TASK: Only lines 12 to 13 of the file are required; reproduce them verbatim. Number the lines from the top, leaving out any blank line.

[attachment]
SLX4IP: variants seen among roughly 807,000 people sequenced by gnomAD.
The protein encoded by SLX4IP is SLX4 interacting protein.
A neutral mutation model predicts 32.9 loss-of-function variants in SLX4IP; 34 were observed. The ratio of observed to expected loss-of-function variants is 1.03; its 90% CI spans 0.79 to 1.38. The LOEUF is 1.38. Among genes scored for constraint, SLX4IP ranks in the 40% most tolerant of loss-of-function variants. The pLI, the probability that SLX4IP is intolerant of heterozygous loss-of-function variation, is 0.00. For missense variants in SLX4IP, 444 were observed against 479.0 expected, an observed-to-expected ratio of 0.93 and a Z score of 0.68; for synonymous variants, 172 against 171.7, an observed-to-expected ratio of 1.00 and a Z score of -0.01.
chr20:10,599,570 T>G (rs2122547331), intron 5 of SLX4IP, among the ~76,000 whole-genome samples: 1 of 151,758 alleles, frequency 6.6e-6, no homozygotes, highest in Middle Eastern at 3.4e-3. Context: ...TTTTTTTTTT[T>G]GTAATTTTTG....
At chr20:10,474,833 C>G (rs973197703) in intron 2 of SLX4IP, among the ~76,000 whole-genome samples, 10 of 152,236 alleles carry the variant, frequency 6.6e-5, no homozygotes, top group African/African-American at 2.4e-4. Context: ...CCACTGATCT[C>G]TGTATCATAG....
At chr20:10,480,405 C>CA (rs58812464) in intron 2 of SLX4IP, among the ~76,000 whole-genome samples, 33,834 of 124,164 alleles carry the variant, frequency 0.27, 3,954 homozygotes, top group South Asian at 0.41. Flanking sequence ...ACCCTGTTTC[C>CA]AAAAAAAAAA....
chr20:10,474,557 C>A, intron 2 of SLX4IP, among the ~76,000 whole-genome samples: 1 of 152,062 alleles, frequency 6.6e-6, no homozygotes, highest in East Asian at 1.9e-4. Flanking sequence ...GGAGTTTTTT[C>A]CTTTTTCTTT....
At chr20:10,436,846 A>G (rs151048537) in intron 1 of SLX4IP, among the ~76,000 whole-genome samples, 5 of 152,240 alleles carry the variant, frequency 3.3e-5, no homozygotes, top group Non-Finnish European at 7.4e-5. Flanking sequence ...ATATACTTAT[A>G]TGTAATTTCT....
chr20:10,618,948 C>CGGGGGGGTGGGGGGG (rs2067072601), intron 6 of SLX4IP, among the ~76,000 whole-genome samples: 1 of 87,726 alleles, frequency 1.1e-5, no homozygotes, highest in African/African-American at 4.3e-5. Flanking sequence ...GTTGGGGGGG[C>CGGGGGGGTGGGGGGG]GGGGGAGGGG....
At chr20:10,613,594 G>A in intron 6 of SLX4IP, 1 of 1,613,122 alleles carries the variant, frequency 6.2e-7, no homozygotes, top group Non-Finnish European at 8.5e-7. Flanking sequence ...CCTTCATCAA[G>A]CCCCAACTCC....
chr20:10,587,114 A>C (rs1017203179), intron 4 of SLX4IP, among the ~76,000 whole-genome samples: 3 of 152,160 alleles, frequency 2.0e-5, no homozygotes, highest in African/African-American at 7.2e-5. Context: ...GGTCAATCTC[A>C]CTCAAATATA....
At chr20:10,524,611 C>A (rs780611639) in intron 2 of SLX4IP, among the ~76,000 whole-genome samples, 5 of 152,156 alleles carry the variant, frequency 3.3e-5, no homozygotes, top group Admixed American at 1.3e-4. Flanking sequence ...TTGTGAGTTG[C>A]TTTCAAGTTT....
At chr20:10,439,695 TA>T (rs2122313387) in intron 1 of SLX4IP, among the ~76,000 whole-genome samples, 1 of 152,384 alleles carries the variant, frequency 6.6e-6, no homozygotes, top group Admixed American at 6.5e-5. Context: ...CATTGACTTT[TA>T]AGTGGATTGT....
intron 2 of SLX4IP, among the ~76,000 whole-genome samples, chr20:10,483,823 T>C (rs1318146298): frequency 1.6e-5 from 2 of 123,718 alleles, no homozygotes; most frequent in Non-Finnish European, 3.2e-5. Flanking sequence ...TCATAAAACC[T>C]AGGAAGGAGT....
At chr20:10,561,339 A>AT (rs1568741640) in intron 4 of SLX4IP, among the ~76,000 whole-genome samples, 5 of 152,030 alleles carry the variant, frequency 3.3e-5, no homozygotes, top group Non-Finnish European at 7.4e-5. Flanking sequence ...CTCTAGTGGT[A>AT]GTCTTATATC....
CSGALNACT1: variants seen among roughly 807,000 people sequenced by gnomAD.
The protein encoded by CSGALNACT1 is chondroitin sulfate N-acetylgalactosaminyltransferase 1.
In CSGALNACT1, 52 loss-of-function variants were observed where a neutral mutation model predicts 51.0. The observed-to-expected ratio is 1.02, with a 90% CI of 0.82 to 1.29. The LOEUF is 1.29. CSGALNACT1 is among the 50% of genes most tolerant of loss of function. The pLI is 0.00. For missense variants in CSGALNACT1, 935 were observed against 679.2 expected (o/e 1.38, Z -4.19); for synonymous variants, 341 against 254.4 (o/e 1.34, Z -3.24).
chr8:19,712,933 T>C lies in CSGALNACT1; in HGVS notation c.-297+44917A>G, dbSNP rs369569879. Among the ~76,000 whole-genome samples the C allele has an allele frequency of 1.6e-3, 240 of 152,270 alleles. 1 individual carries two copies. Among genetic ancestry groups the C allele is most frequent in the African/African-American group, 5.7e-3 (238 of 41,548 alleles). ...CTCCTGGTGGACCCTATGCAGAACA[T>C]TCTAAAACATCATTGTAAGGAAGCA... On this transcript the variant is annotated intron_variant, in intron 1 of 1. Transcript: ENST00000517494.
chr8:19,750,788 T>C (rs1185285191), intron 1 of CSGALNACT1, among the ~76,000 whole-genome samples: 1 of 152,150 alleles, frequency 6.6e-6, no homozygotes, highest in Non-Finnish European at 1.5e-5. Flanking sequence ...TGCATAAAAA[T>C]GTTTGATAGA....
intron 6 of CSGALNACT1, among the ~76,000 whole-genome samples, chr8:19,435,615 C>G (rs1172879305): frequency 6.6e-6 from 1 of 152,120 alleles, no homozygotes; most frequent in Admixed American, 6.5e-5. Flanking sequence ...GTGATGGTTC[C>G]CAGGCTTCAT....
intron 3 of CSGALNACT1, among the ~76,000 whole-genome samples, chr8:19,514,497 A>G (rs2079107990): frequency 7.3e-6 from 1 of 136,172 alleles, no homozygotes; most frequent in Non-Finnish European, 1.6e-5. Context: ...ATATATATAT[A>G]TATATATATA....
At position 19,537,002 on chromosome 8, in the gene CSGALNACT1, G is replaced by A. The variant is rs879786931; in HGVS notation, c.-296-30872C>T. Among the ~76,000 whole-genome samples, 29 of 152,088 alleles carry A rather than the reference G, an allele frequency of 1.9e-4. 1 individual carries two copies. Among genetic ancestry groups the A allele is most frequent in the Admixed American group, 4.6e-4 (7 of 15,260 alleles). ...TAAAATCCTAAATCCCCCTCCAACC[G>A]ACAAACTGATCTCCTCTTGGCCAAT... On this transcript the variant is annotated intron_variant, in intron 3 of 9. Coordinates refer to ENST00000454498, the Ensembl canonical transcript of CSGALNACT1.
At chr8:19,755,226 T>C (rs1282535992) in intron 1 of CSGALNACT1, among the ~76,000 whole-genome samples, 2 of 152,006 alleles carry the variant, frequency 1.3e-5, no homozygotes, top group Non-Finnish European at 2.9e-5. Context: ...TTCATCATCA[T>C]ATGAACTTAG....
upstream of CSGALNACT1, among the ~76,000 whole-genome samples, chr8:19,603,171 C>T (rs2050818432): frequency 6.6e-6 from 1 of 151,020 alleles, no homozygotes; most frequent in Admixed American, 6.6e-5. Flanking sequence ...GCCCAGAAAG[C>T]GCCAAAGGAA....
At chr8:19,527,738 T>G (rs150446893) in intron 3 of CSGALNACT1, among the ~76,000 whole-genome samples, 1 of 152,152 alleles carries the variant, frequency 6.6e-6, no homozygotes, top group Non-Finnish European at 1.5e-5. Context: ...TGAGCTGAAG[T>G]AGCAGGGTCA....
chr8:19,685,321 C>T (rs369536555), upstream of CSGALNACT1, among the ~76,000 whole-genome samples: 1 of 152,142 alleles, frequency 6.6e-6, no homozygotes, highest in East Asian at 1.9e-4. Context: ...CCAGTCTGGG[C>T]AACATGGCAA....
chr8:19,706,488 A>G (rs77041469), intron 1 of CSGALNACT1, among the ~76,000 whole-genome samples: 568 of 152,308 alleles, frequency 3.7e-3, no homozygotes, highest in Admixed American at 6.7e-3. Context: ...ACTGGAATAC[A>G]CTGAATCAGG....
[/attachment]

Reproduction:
At chr20:10,524,611 C>A (rs780611639) in intron 2 of SLX4IP, among the ~76,000 whole-genome samples, 5 of 152,156 alleles carry the variant, frequency 3.3e-5, no homozygotes, top group Admixed American at 1.3e-4. Flanking sequence ...TTGTGAGTTG[C>A]TTTCAAGTTT....
At chr20:10,439,695 TA>T (rs2122313387) in intron 1 of SLX4IP, among the ~76,000 whole-genome samples, 1 of 152,384 alleles carries the variant, frequency 6.6e-6, no homozygotes, top group Admixed American at 6.5e-5. Context: ...CATTGACTTT[TA>T]AGTGGATTGT....